Don't get overwhelmed with detail. Detail should not be applied until next week. Start simple and work only on major elements at first such as silhouette and angle.
Here is a collection of concept art videos by the incredible Scott Robertson to inspire you:
This one in particular will show you how to very quickly create a piece of simple concept art that looks like it has way more detial than it really does, including a simple way to handle the bg.
There are also a lot of concept art how-to's on Digital Tutors including a playlist I'm adding to for you.
Use tools such as the Verold site and 3D programs - you can borrow free models from TurboSquid and Creative Crash to spin in 3D and help you with perspective.
Toy guns, even water guns, might be helpful. Or, apparently you can buy teeny tiny incredibly realistic Lego guns:
We'll continue with the in-class 1-on-1 critiques of your 1st assignment. Great job on those! Wow, some super high marks and some great concepts. Many people are working way too detailed for thumbnails. I did reward your hard work with high marks but really, the idea of thumbnails is to keep it loose and avoid all digital tools like polygons and gradient shading. Many people forgot to add some detail on the 1st set of thumbs - it's not just a silhouette, it has some suggestion of structure such as rivets and form details. Stay away from blurry soft brushes for your edges - keep your silhouette crisp and clear.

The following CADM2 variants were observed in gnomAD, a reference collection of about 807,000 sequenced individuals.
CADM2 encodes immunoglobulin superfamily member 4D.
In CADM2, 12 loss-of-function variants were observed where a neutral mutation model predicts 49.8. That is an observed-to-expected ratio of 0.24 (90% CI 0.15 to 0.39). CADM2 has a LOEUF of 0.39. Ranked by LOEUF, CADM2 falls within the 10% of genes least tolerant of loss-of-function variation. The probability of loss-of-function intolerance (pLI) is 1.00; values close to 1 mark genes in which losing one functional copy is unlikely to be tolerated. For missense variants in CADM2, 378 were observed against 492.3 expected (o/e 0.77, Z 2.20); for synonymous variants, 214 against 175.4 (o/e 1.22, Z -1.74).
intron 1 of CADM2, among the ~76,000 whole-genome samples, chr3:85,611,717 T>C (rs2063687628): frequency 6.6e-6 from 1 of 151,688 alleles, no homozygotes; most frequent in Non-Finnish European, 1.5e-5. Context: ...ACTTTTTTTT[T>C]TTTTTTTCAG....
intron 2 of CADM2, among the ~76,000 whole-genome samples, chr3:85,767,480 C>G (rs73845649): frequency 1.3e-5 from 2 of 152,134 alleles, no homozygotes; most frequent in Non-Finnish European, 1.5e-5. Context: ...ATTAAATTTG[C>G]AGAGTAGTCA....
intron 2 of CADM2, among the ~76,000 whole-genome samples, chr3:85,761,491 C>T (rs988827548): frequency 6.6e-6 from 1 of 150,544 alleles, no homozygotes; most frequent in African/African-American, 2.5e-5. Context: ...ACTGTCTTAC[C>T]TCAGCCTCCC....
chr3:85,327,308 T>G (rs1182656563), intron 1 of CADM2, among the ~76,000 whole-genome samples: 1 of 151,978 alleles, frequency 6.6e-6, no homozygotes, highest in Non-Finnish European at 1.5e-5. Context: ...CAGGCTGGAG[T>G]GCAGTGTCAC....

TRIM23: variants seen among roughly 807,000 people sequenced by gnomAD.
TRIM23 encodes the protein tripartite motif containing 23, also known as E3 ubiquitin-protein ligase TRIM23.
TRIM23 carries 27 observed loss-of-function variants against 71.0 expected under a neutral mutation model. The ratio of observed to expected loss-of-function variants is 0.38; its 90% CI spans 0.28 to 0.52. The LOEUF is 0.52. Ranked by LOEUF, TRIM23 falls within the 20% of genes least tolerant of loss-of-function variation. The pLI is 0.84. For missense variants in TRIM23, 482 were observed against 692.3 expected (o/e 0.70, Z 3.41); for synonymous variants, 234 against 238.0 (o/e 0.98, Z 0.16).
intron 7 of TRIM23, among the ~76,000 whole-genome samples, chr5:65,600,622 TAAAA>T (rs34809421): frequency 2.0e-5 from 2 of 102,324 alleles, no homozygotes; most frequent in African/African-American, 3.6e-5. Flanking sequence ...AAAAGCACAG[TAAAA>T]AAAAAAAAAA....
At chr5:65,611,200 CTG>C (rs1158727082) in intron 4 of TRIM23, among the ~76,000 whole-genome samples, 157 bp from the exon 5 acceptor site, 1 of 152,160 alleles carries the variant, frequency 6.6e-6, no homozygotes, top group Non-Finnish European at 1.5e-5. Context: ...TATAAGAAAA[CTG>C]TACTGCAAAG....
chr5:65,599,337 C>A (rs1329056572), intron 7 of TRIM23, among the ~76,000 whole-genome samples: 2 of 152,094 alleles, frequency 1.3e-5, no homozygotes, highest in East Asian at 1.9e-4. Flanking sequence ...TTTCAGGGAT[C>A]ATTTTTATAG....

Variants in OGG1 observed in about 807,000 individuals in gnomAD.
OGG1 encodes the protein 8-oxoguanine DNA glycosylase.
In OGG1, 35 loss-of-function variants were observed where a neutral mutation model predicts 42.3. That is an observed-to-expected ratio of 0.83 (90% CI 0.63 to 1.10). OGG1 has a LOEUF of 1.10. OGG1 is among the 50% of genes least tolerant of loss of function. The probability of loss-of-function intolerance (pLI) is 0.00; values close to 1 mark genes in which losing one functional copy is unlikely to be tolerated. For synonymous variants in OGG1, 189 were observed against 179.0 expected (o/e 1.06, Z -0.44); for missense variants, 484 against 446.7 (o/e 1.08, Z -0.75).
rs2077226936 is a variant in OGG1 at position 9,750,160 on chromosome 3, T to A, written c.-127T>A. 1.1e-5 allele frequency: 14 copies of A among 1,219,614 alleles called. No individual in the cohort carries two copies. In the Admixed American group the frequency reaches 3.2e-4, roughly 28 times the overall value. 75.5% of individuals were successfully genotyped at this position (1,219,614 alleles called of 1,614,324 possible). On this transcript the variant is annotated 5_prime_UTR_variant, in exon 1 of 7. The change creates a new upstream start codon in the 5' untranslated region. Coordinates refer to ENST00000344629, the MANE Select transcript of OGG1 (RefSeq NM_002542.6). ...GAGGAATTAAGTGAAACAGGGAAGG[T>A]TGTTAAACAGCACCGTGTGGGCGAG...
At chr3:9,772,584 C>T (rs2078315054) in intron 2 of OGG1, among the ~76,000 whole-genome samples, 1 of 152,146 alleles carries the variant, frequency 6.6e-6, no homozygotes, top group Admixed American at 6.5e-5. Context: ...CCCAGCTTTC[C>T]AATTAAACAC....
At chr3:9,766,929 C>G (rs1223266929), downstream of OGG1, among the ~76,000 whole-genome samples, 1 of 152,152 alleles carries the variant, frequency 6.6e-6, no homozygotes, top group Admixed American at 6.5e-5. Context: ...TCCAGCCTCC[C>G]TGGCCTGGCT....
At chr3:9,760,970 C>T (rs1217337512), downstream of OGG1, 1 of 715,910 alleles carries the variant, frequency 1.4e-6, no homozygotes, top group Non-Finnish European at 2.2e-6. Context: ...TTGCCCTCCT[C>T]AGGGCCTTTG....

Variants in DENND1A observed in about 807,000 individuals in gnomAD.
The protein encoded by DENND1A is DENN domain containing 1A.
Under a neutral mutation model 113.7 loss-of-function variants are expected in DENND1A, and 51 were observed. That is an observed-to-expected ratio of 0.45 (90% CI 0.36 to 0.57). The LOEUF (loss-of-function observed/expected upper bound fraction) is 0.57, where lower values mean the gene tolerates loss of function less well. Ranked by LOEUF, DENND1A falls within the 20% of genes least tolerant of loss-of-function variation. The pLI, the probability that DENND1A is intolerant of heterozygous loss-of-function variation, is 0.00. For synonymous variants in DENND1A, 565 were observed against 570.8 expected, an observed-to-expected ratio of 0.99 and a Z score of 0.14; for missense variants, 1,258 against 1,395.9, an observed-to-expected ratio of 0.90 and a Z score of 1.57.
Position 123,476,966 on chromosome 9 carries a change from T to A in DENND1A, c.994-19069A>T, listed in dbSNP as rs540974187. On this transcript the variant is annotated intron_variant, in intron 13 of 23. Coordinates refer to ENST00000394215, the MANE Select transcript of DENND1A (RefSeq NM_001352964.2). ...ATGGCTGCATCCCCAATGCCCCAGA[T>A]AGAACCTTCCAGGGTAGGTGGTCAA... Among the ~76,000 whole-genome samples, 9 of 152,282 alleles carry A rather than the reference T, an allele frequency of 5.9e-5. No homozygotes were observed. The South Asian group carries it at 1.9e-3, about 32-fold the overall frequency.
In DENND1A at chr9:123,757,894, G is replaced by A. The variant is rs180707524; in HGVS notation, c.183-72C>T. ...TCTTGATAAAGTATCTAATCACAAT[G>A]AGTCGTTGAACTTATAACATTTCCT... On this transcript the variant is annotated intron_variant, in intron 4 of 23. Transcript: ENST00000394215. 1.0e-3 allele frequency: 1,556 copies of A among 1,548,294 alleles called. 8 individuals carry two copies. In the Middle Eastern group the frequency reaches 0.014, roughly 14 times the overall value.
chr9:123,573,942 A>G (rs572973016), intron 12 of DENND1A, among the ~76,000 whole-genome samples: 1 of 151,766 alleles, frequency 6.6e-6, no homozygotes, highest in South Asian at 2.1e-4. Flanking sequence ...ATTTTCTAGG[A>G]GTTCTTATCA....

Recap on Thumbnails for concept art based on trends from Assignment 1:
- Polygon tools like rectangles and ellipses. Looks bad, unless you're going to rough them up later or warp them.
- Outline tools like the ink bottle. Ew. Not at this stage.
- Gradients on everything. Too much too soon.
- Photo textures - not at this stage.
- Straight lines (Shift snap is fine) for some objects like the barrel.
- Polygonal lassos to carve away edges and drag shapes around.
- One gradient to make the gun have some fancy light from the top, for example.
- Scribbles, fake detail, repeated elements, vague suggestions of forms